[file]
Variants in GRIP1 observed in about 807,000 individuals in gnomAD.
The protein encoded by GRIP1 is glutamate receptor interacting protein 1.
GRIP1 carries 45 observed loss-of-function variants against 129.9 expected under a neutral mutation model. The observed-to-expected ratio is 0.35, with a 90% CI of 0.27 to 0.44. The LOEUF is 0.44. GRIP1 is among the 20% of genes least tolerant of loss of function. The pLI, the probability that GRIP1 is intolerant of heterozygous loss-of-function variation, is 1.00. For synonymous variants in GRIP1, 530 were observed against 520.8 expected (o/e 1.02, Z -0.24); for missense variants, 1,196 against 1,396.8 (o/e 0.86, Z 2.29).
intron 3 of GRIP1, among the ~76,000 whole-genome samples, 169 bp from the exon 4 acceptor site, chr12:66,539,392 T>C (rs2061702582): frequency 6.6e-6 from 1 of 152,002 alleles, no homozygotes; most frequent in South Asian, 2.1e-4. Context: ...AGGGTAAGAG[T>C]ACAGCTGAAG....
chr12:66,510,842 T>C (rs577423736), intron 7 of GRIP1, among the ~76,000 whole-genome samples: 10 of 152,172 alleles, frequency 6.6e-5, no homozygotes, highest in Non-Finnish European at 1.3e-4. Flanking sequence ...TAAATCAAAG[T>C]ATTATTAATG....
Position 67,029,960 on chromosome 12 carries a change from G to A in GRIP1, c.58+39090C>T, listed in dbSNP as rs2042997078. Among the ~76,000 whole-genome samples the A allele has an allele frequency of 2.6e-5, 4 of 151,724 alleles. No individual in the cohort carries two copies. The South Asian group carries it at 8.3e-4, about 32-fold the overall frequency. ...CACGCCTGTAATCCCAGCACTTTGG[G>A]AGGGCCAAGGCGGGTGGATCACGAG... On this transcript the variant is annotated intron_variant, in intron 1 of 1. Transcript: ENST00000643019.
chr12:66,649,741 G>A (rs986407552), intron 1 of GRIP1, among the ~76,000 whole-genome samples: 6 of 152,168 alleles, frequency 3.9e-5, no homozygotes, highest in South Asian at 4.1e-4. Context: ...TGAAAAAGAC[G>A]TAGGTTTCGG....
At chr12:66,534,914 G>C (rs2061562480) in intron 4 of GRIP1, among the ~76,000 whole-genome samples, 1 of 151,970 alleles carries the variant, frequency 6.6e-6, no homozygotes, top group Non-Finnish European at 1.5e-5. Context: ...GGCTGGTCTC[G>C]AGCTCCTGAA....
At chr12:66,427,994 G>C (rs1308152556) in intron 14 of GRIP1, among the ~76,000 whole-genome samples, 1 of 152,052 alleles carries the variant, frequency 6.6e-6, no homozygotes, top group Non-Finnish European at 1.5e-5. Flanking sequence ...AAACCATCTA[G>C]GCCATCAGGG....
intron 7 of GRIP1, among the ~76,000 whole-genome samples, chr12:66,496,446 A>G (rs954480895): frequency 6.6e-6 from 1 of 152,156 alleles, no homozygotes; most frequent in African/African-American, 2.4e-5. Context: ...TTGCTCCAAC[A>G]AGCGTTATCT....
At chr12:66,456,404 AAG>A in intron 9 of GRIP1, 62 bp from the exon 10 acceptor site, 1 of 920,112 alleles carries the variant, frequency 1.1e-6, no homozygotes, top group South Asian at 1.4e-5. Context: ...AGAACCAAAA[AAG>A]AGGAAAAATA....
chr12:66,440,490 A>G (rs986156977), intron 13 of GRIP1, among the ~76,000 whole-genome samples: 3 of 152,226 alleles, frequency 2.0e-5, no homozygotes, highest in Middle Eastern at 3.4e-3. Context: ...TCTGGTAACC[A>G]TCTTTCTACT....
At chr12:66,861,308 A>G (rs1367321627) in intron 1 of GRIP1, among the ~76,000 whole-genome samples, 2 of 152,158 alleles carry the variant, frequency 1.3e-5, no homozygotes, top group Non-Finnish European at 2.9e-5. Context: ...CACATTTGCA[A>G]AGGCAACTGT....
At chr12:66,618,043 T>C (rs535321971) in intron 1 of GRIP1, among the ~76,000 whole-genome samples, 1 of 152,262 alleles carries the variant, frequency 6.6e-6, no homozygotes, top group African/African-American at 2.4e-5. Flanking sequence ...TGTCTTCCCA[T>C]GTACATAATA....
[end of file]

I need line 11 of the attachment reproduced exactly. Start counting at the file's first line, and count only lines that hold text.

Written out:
At chr12:66,456,404 AAG>A in intron 9 of GRIP1, 62 bp from the exon 10 acceptor site, 1 of 920,112 alleles carries the variant, frequency 1.1e-6, no homozygotes, top group South Asian at 1.4e-5. Context: ...AGAACCAAAA[AAG>A]AGGAAAAATA....